Martin Indiana Alto

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  1. #1

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    Default Martin Indiana Alto

    Greetings

    I'm not very familiar with Martin saxophones. I would like to know a bit about the Martin Indiana model. I've heard that it's an intermediate-ish horn and the key work is compareable to the Martin Committee but has a thinner tone that the professional line Martins.

    With all of the previously stated considered in mind, I'm looking for a horn to take with me on a road trip in the summer. I think it'll be too risky to take my Mark VII with me, as I'm afraid something will happen to it. I want to take some kind of horn with me on vacation because I'm anticipating on making a spot for the State Jazz competition and I don't want to be left without a horn for more than a day. (I'll be spending about 2 weeks out of state) Would the Martin Indiana be a good road trip horn? I've found one on eBay for a cheap price and it's in great condition.
    Thanks!

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  3. #2
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    Default Re: Martin Indiana Alto

    Thinner tone than the pro line Martins? Bullcrap!
    I wouldn't trade my old Indiana for your Mark VII.
    If you want a 'cheap' road trip horn get a no name saxophone shaped object.
    The Indiana deserves a bit more respect than you seem to want to give it.
    Old reed players are like fine wine. They only get better with age. Tom Hagen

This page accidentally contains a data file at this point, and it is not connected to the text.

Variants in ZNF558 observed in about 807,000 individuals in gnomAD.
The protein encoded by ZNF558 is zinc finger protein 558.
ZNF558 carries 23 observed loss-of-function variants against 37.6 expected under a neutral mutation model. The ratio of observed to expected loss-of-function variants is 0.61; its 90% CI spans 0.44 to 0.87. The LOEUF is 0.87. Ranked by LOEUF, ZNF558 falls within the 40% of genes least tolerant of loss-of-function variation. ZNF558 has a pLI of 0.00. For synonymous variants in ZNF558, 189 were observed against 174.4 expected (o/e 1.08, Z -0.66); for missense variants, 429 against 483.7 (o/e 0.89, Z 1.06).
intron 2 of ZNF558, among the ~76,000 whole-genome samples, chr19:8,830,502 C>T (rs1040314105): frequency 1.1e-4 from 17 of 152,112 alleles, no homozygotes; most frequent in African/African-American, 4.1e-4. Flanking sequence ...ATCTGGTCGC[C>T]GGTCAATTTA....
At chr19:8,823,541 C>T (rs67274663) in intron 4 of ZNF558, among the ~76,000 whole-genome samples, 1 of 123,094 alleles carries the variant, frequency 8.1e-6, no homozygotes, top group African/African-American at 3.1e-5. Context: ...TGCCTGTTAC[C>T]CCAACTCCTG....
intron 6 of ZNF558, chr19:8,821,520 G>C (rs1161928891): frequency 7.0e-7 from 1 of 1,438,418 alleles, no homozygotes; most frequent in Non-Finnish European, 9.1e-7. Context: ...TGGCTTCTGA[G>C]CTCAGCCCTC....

Play the Music, not the instrument.

  4. #3
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    Default Re: Martin Indiana Alto

    Same sound and pretty much the same body. The keywork is a bit better on the Committees mostly the LH pinky keys. Great horns for a nice price.

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    Default Re: Martin Indiana Alto

    The Martin Indianas play nearly identical to the Martin Handcraft models. Lush, sweet Martin sound. I have had multiple Indiana altos and tenors. The first Martin alto that I had, the one that hooked me on Martin saxophones, was the sweetest playing alto that I had, only slightly beat out by the Conn 26M that I had at the same time and I like it better than the Series II and the other 8 altos that I also had at the time. These are a lot sax for the money when in good playing condition. I now have a Magna alto and tenor which are great, but miss having and playing the Indiana horns. I will have another of each at some point in the future. Out of the 4 different Indiana versions, I prefer the Committee Style with the nickle plated keys and the kidney shaped upper and adjustable lower thumb rest. Others like the all brass key models the best. This will be a different than the VII, I had a VII tenor that was great, smooth and even playing throughout the horn, but did not have the personality, the sweet high notes and Lush lows that the Indiana tenor had and both were setup properly. This is my experience with said horns.

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    Default Re: Martin Indiana Alto

    I have a 1925 Handcraft and a 1953 Indiana and I'm fairly certain they're the same horn with some keywork and tonehole-placement differences. The Indiana is a plenty respectable sax from a playing standpoint. It would be an excellent backup horn for the right price, but a cheap beater it is not .

    But beware, it may tempt you away from your VII entirely. I didn't even like alto until I got my Handcraft. (The Indiana came along later because I couldn't turn down a $60 horn with 95% lacquer and a near-perfect original case.)
    Martin & Conn saxophones
    Leblanc, Pedler, Bettoney, & H.N. White clarinets

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    Default Re: Martin Indiana Alto

    The only problem I see with the Indianas is that the market for all Martins is low right now. If you need to put work into the horn, there are nice Committees around for under $1,000 ready to play BUT if you score an Indiana in good playing shape for $500-600, you have a bargain.

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